Hinds: The Prettiest Curse (Mom + Pop) - Review | Under the Radar Magazine Under the Radar | Music Blog for the Indie Music Magazine
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The Prettiest Curse

Mom + Pop

Jun 08, 2020 Web Exclusive Bookmark and Share

Madrid’s Hinds has been one of Spain’s biggest exports to the indie circuit. The band’s first two albums were addictive sets of swaggering, lo-fi guitar anthems. The band’s music mixes ’60s girl-group harmonies with the garage rock of the early Strokes records and the laid back style of Mac DeMarco. It’s a killer combo that is elevated by the interplay of vocalists Carlotta Cosials and Ana Perrote. The Prettiest Curse uses that sound as a base on which the band builds its most polished and emotionally potent work yet.

Opener, “Good Bad Times” quickly changes up the Hinds formula with the addition of airy synths and piano, conjuring a dreamy pop tone. At moments these synth textures sound similar to a Hatchie project. Yet the band also maintains its signature garage rock growl on “Just Like Kids (Miau)” and “Riding Solo” with fuzzy and distorted bass and attitude-filled vocals. These tracks are reminiscent of the earworm choruses and bright guitar lines of the band’s first two records but with expanded sonic depth and higher recording fidelity. Some fans might miss the scrappy lo-fi style of Hinds’ first two records but it gives the band more room to incorporate some greater stylistic diversity. That middle ground between new sounds and the bite of the band’s previous work is where the album thrives.

It is also a pleasure to see Hinds embracing some explicitly Spanish influences on this album, such as on the track “Come Back and Love Me <3.” The track makes use of lovesick girl-group harmonies and Spanish guitar in equal measure for an achingly romantic highlight. Throughout the album, Hinds moves between Spanish and English as the band dances effortlessly from love songs with a classic flair (“Boy”), to heartbroken anger (“Burn”), and existential angst (“The Play”). The result is an album that is more natural and unfiltered than ever.

The band frames many of these songs as reflections on all the trials of the members’ unconventional lifestyles as touring musicians. Sexist comments, loneliness, and struggles with personal identity all make an appearance. The band both revels in the glamor of “juggling tequila shots, sadness and reggaeton nights” and call out men who tell them, “You’re too pink to be admired/And too punk to be desired.” Hinds turns these challenges into a celebration of the bond its members share, showing the joy the band finds in the titular “prettiest curse.”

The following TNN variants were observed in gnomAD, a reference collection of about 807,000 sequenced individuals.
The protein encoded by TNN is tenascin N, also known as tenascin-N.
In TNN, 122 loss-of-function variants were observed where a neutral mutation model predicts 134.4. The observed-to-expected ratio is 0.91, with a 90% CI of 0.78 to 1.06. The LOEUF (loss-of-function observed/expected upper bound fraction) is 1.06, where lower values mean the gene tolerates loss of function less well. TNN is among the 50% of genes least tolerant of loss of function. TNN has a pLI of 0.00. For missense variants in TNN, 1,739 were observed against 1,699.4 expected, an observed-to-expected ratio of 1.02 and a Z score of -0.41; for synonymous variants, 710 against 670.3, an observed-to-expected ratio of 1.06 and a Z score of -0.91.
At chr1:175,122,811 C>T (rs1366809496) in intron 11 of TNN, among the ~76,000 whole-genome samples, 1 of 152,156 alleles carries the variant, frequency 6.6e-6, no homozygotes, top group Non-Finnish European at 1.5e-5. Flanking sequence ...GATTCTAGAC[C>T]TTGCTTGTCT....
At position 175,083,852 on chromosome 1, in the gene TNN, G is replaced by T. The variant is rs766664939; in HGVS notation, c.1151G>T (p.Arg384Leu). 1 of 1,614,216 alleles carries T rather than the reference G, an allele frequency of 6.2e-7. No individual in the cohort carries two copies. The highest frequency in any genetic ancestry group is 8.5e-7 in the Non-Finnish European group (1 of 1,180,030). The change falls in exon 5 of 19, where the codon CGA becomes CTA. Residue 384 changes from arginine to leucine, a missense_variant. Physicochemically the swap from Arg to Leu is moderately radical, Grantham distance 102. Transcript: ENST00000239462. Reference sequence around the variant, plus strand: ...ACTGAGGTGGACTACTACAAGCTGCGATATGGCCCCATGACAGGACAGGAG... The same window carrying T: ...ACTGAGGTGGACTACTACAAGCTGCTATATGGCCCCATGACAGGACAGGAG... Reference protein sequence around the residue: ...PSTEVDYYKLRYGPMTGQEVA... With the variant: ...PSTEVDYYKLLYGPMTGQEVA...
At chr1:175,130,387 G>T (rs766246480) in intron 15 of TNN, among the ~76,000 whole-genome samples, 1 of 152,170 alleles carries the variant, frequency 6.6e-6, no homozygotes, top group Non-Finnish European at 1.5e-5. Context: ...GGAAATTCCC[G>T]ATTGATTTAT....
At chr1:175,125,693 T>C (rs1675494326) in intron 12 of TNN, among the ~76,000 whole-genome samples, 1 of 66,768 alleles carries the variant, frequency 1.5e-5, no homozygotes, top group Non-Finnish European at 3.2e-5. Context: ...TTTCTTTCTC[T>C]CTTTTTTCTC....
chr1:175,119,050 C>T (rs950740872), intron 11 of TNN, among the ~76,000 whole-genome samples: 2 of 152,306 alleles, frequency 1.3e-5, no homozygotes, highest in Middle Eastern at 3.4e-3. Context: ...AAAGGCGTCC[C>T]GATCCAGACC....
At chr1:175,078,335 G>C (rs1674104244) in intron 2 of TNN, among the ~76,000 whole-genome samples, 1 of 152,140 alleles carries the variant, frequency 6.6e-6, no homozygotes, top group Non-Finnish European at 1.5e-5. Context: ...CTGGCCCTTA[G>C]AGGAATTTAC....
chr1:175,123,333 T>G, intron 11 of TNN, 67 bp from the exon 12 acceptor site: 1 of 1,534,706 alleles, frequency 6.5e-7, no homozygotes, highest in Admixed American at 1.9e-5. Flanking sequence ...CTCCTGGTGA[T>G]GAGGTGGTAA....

While this album is certainly a step forward for the band’s sound, it does suffer somewhat from some rather stock standard song structures. Most songs play out in a typical verse, chorus, bridge fashion and the second half of the album lacks some of the variations that “Come Back and Love Me <3” and “Good Bad Times” bring to the band’s sound. While no track actively misses the mark, some—such as “Waiting For You”—don’t really stand out within the tracklist. The closer, “This Moment Forever,” with its lilting tempo, also makes for a rather limp end for the album. Fortunately, most of these tracks are delivered with such catchy melodies, impassioned performances, and boisterous energy that it is difficult not to enjoy the overall result.

With The Prettiest Curse Hinds once again do what it does best—making punchy indie rock with a garage rock edge to it. Even better, the more polished sound and the fresh instrumental touches take a step forward for the band. Hinds’ latest work is another raucous good time that shows off the band’s uncompromising attitude and catchy melodies at their best. (www.hindsband.com)

Author rating: 7.5/10

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Average reader rating: 7/10


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